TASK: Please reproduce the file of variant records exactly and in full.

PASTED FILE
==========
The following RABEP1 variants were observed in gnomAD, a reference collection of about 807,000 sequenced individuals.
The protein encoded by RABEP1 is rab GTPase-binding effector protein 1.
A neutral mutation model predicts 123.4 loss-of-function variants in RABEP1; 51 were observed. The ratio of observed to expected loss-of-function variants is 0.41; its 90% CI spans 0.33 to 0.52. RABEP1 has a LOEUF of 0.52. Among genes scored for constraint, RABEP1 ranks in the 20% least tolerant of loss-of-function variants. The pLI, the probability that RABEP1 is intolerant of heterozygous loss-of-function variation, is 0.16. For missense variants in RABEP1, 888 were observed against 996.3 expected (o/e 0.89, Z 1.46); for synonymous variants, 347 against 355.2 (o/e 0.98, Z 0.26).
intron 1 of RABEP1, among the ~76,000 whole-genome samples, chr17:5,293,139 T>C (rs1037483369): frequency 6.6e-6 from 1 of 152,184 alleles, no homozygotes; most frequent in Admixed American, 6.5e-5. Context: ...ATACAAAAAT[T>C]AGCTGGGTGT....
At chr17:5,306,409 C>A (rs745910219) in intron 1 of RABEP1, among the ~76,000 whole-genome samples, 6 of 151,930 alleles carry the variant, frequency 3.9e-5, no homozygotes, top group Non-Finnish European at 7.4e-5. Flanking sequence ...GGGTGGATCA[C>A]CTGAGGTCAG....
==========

The following RABEP1 variants were observed in gnomAD, a reference collection of about 807,000 sequenced individuals.
The protein encoded by RABEP1 is rab GTPase-binding effector protein 1.
A neutral mutation model predicts 123.4 loss-of-function variants in RABEP1; 51 were observed. The ratio of observed to expected loss-of-function variants is 0.41; its 90% CI spans 0.33 to 0.52. RABEP1 has a LOEUF of 0.52. Among genes scored for constraint, RABEP1 ranks in the 20% least tolerant of loss-of-function variants. The pLI, the probability that RABEP1 is intolerant of heterozygous loss-of-function variation, is 0.16. For missense variants in RABEP1, 888 were observed against 996.3 expected (o/e 0.89, Z 1.46); for synonymous variants, 347 against 355.2 (o/e 0.98, Z 0.26).
intron 1 of RABEP1, among the ~76,000 whole-genome samples, chr17:5,293,139 T>C (rs1037483369): frequency 6.6e-6 from 1 of 152,184 alleles, no homozygotes; most frequent in Admixed American, 6.5e-5. Context: ...ATACAAAAAT[T>C]AGCTGGGTGT....
At chr17:5,306,409 C>A (rs745910219) in intron 1 of RABEP1, among the ~76,000 whole-genome samples, 6 of 151,930 alleles carry the variant, frequency 3.9e-5, no homozygotes, top group Non-Finnish European at 7.4e-5. Flanking sequence ...GGGTGGATCA[C>A]CTGAGGTCAG....